SparkFun Forums 

Where electronics enthusiasts find answers.

For the discussion of Arduino related topics.
User avatar
By Selenaut
#113091
This is a VERY large if.
What if someone took the ethernet, tellymate, sd card, and joystick shields, hooked them up to an Arduino, and made a little 160 dollar mini-computer? That would be pretty awesome. I just came up with this idea today, browsing SparkFun and coming across the TellyMate.

It might require some extra wiring, but it would be pretty sweet. The only problem might be RAM....
User avatar
By Selenaut
#113093
Hmm... seems possible, none of the pins overlap. I may need to save up some cash for this. :D
By trialex
#113098
Problem is that a beagleboard blows that combo out of the water for a cheaper price. It's already got a full linux distro running on it. It outputs DVi video. It has 256megs of RAM. It runs at 720Mhz. It still has a few spare I/O pins
By skimask
#113101
Selenaut wrote:It might require some extra wiring, but it would be pretty sweet. The only problem might be RAM....
http://www.ramtron.com/products/nonvola ... erial.aspx
Solves all the ram problems in 3, maybe 4 pins, and a couple of power lines.

BTW - It's a great idea. I've had the same types of ideas myself (along with probably hundreds of other people)...
PIC processor, USB keyboard, WiFi chip, GPS chip, SD card, FRAM memory, small TFT LCD, Wii-Nunchuck interface, blah blah blah.
I think it all boils down to cost. You take all those pieces/parts listed above and you could easily come up with about a $200+ bill for all the pieces/parts and you still have to put them all together and then write a program to run them all.
But you get a million cool points for having built it yourself.

Or, just buy a $200 refurbished netbook, and lose 99% of all your previous cool points.

I ended up getting a netbook (sigh)... :cry:
User avatar
By Selenaut
#113223
Like I said, the entire thing if you already have the Arduino and stuff like that is $150 for the shields. That's all I need. So:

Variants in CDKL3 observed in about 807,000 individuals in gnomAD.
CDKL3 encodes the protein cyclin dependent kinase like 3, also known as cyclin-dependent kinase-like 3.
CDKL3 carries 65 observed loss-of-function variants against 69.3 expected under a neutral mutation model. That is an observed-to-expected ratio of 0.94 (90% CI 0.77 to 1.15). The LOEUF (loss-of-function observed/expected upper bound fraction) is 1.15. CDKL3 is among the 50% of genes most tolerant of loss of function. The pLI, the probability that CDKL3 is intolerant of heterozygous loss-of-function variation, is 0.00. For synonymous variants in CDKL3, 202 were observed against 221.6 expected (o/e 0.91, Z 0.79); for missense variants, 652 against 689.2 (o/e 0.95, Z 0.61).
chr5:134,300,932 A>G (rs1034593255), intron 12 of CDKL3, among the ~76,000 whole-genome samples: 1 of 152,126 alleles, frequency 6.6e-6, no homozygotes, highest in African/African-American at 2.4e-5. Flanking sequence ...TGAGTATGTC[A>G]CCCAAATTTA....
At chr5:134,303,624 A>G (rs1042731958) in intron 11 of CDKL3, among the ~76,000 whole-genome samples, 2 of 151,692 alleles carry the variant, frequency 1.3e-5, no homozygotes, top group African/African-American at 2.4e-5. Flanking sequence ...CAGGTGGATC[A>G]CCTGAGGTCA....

1. Cheaper
2. Programmable
3. More fun
4. More versatile
5. BETTER. :D
By skimask
#113240
Selenaut wrote:Like I said, the entire thing if you already have the Arduino and stuff like that is $150 for the shields. That's all I need. So:
1. Cheaper
2. Programmable
3. More fun
4. More versatile
5. BETTER. :D
1 - Possibly, but not nearly as integrated as any notebook out there.
2 - True, but only by using the "Selenaut Operating System" (SOS? :) )parameters.
3 - Absolutely
4 - Possibly, but limited to 'your' imagination and thoughts, whereas a netbook and a netbook OS (be it Windoze, Linux, etc) is limited to the world's imagination and thoughts.
5 - Depends. Define better?
Don't get me wrong..I'm not trying to talk you out of anything at all. You'd get one million cool points (maybe more!) when the project is completed, or at least working, 'cause when are things like this ever "Complete".
But think about the same scenario with a netbook and a fast USB I/O (either port type I/O or serial or whatever) and a bit of VC++ could do for you...and still have loads of options left over...
User avatar
By Selenaut
#113252
better and more versatile meaning that you could take it apart and make something else out of it, say, a black-and-white video game.
By cyberteque
#114326
I've had a similar idea, kind of "Tricorder", but not some dippy fan-boy replica from Star Trek!
So far I've assembled -
- Arduino Mega
- The "huge" 160x120 LCD display SparkFun sell, with the serial back pack
- A custom 3x5 keypad I designed and built
- A DS1307 RTC
- An MPL115A1 Barometer and temperature sensor
- An HMC6352 digital compass
- An EM-406 GPS module
- An XBee module
- 8 24LC256 serial EEPROMS
- A uM-FPU V3.1 floating point chip
- An MLX90614 Infra-red thermometer

I plan on adding sensors for relative humidity and all the gas sensors I can lay my hands on, maybe the Gieger counter module SparkFun sell as well.

That will be the main unit, I'll use that to log waypoints, altitude, do basic mapping and environmental monitoring.
With the example code from the Micromega site, I've been trying the local sunrise/sunset calculations as well as direction and distance calculations from GPS coordinates.

The XBee module will talk to the "satellite" units attached to mah dawgs walking harness', each satellite unit will have an EM-406 GPS module, an XBee module and maybe an HMC6352 digital compass.

The basic idea of the satellite units is so I can get an idea of where my hounds are and which direction they are heading/pointed when we get separated whilst bush walking.

I've been writing the code in a modular fashion, testing each section as I go.
So far it's coming along really well!
I've had a bit of a hiccup with the MPL115A1 Barometer, but I'm getting close to solving the problem of the unit reading low temperature and pressure. (fingers crossed)

This thing is damn near the same size as my eee net book and will probably end up weighing more, but it will be more rugged.
By skimask
#114450
cyberteque wrote:......
- 8 24LC256 serial EEPROMS
......
One FM25H20 from Ramtron = 8 x 32K serial eeproms.
They're a bit spendy, but if you send off for a couple of "samples", you'll get them for free.
SPI vs. I2C, use less power, faster access, smaller, and don't need power to retain data.
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